Of course, you pack an extra outfit, sleeper or at the very least a onesie for the baby or babies in your diaper bag, that’s a no brainer. You may want to consider also packing an extra light-weight outfit for you too! We had a pee explosion while wearing one of the babies in a baby carrier. Thankfully, it was when we landed at our home airport and we just had to get our luggage and car at that point of the trip. We didn’t have a change of clothes for my husband, so after changing the baby into a clean diaper and clothes, we put the babies soaked outfit and the baby carrier in a plastic bag (that helped somewhat with the smell) but my husband didn’t have a clean shirt to change into on hand. So he sucked it up and wore the pee smelling shirt until we got home and he could change out of it and clean up. If you don’t have room for an entire outfit, maybe just throw an extra clean shirt or something you could throw on in case you get thrown up on or worse!

(5) Gate Check as much as you can & rent baby equipment to be waiting for you at your final destination

If you can avoid shipping strollers and pack-n-play’s, that would be advisable. We were the last ones on and the last ones off of the plane each time just because we had so much stuff. It was also hard to get the stroller (on the jet bridge) set up and the car seats installed into the stroller while we were carrying so many bags (2 diaper bags, my purse, a laptop bag and an extra baby bag with Boppy’s and toys) and each having a baby strapped to our bodies in the baby carriers. We basically, got the stroller up and moving and put as much stuff on the stroller to push to the terminal, where we then proceeded to unload all of our stuff and get the babies properly strapped into their car seats and stroller. It was quite an ordeal each time and I’m sure we got lots of looks. I’m not sure if they were looks of sympathy or more likely “boy you guys are crazy!” looks. We managed, but it was very hard and a bit stressful, to be honest.

One way to be able to not take everything for baby when traveling, is to rent a stroller, pack-n -play or crib, swing, exer-saucer, and many other things through a baby rental company. We used a company called Babyquip to rent equipment for both of our trips. We rented car seats and a stroller when we traveled with them at two months old. That was OK then, because we had them delivered to my parents house and my dad picked us up at the airport.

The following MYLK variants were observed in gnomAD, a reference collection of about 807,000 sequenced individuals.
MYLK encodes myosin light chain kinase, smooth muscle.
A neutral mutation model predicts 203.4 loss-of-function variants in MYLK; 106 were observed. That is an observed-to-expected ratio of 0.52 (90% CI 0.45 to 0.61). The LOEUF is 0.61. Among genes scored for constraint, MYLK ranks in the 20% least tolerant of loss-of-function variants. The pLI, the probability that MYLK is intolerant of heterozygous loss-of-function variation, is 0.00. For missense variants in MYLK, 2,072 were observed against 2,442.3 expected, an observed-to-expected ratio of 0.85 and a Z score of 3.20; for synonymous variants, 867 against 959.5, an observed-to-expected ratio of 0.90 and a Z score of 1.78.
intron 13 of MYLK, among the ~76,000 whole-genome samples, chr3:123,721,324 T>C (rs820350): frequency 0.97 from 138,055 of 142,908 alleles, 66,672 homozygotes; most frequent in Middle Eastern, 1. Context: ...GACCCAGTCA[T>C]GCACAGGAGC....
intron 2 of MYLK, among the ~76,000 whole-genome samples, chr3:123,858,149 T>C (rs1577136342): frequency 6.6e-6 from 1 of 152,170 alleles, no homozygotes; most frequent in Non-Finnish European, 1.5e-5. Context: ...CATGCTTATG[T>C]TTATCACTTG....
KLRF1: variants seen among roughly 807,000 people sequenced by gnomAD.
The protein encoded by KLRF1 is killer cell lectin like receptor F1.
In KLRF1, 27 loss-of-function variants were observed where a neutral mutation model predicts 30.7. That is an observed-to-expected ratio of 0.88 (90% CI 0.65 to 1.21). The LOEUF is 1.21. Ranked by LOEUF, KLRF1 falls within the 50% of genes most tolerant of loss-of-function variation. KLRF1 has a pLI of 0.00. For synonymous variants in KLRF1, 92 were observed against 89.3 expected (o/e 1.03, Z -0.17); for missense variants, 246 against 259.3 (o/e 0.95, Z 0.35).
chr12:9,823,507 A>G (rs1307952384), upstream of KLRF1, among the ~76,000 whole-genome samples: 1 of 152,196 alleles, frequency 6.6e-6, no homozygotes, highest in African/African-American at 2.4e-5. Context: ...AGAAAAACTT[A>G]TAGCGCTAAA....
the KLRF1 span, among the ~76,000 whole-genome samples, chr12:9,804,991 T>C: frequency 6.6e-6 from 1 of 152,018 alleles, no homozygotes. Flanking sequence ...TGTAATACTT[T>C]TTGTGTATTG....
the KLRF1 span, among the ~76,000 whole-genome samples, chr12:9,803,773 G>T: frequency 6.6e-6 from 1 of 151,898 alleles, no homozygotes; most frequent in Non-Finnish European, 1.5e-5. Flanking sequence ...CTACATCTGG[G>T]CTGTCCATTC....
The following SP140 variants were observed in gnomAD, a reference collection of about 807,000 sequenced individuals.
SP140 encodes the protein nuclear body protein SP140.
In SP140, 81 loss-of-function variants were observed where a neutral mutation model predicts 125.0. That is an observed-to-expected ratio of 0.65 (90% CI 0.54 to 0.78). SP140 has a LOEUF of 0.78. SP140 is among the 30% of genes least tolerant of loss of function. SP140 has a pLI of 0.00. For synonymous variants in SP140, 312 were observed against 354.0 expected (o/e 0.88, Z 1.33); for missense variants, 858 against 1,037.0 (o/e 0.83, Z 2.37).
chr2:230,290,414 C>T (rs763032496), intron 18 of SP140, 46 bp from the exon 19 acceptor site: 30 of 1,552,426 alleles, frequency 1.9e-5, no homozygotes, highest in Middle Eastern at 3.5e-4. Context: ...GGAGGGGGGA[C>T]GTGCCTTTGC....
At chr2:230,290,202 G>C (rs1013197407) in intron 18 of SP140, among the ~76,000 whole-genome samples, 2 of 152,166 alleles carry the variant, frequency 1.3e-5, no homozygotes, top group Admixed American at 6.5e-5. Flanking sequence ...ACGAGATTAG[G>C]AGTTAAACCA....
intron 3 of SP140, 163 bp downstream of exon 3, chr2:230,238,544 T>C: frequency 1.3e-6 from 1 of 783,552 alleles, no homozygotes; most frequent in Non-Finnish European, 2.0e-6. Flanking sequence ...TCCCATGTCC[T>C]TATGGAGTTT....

This trip, we had to rent two different cars and needed our car seats and stroller as soon as we got there. Hence, our crazy loaded down stroller on the jet bridge! Car rental companies rent infant car seats. I’m not sure what the extra charge is, but if you can get by with an umbrella stroller (they are smaller and easier to fold up) or another light weight version of a stroller or the baby carrier, for the airport and then rent a car seat when you get there…or better yet, check your car seat when you check in at the bag drop…that would be so much easier than the way we did it this last trip.

Most airlines don’t charge for checked car seats, strollers and other baby stuff. I’m sure you could check a pack-n-play too if you needed to. Remember, all of this baby stuff takes up a lot of room in a trunk and the back seat of a car, so if there’s any way you can lighten your load, I’d highly recommend it.

Most importantly, have a sense of humor and know things aren’t going to go perfectly!

I certainly learned a ton this last trip about what we really need when traveling with infants. We will be traveling again over the holidays and I plan to pack much better and rent stuff ahead of time to be waiting for us at our final destination. This way we won’t have to pack so much and lug all of the heavy baby gear with us. Lugging all of that baby gear is a back breaker and made our trip so much more stressful than it ever needed to be. We did laugh at ourselves often on this trip though, so having a sense of humor, helped us get through the more stressful times. I have learned my lesson and will be lightening our load the next time we travel with our twin infants. Our next trip will be more successful, much more manageable, and way more fun guaranteed!

If you have any infant travel tips that weren’t mentioned above, I’d love to hear them. Please comment below. I’m open to hearing from other parents who have been there and done that, especially if they traveled or travel regularly (successfully – whatever your definition of successfully may be) with twins or a singleton.